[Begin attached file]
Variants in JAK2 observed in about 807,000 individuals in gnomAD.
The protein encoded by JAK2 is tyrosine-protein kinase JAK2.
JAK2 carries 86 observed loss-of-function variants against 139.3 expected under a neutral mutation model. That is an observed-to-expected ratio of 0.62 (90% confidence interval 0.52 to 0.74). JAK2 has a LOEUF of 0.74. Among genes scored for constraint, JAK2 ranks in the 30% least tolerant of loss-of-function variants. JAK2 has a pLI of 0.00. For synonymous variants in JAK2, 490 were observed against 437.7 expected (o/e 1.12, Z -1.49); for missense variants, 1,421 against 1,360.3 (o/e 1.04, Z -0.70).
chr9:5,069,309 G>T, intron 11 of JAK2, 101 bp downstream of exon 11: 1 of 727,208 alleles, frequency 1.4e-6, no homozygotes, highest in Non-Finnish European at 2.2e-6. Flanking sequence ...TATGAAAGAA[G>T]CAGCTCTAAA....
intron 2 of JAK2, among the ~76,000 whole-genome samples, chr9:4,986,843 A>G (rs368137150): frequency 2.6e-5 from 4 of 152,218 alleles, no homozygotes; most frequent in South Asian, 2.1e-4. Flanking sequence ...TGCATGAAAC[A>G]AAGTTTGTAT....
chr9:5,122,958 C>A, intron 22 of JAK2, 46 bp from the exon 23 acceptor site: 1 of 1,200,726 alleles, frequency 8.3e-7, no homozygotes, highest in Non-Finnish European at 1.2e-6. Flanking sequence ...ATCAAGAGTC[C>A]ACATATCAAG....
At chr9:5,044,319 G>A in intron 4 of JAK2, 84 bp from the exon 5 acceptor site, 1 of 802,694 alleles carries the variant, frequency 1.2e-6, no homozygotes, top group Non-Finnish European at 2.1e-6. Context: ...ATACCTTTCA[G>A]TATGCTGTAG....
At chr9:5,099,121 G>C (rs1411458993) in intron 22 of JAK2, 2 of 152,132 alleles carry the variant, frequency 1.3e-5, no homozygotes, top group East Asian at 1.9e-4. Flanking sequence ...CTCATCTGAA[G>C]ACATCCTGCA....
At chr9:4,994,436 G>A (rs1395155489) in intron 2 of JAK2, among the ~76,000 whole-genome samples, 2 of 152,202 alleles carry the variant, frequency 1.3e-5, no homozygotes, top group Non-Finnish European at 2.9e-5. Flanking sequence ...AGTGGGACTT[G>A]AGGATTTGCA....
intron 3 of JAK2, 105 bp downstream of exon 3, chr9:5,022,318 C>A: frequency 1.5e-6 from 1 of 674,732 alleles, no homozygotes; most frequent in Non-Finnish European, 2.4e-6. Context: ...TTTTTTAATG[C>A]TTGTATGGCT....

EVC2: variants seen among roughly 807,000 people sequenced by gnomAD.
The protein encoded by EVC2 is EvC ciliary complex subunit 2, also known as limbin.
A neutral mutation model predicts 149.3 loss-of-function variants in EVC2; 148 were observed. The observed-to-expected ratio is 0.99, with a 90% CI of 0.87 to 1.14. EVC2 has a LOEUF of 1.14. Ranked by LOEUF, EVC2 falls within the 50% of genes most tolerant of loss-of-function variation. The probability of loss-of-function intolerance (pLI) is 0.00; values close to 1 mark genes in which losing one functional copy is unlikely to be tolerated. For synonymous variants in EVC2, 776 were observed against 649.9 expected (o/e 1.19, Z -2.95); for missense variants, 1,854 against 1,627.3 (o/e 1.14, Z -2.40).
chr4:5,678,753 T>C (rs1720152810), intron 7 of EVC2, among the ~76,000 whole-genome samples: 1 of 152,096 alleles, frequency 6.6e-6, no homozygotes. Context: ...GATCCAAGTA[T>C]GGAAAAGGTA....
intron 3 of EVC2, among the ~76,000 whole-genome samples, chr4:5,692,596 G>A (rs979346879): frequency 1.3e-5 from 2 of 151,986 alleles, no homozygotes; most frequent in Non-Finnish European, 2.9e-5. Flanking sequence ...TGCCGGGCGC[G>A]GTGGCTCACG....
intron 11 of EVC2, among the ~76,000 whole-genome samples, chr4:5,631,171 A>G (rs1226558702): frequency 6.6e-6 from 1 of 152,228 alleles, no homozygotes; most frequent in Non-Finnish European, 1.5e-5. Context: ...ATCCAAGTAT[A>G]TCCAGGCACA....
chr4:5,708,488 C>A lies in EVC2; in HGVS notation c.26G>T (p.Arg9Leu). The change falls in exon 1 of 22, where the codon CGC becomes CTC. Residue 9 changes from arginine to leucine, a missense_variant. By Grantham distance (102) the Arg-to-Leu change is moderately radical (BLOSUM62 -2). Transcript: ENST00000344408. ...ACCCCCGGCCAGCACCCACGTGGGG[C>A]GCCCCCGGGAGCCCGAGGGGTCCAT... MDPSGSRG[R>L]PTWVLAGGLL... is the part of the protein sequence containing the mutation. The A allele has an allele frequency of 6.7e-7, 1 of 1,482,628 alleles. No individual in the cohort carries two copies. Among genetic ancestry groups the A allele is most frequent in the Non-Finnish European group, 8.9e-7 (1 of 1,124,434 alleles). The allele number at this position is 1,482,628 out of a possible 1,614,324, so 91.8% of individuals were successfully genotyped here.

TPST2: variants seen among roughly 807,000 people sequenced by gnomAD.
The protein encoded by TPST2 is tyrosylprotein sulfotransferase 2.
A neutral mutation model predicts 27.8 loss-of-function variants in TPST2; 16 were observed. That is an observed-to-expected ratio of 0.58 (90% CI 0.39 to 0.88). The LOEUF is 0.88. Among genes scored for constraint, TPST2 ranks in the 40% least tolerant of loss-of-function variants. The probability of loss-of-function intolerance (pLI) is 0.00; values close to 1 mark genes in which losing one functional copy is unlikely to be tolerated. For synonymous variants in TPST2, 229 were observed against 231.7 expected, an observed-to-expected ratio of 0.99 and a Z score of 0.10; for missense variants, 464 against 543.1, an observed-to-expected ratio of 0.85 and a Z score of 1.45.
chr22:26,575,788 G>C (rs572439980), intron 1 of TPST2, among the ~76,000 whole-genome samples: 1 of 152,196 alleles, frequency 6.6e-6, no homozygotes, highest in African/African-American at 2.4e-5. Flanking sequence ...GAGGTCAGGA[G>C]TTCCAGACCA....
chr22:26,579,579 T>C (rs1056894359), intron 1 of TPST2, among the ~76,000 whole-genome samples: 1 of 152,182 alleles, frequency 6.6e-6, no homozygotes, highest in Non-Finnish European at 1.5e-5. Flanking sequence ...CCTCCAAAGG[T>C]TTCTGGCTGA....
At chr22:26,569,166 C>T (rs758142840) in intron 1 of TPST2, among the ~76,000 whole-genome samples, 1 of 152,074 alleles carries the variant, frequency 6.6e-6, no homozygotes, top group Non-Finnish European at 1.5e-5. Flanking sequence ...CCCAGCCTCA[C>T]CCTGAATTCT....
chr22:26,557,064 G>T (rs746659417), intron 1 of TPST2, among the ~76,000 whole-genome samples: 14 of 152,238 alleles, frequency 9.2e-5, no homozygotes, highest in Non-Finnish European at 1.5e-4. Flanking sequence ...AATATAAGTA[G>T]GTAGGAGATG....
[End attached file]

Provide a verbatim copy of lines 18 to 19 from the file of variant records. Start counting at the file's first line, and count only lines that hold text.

TPST2: variants seen among roughly 807,000 people sequenced by gnomAD.
The protein encoded by TPST2 is tyrosylprotein sulfotransferase 2.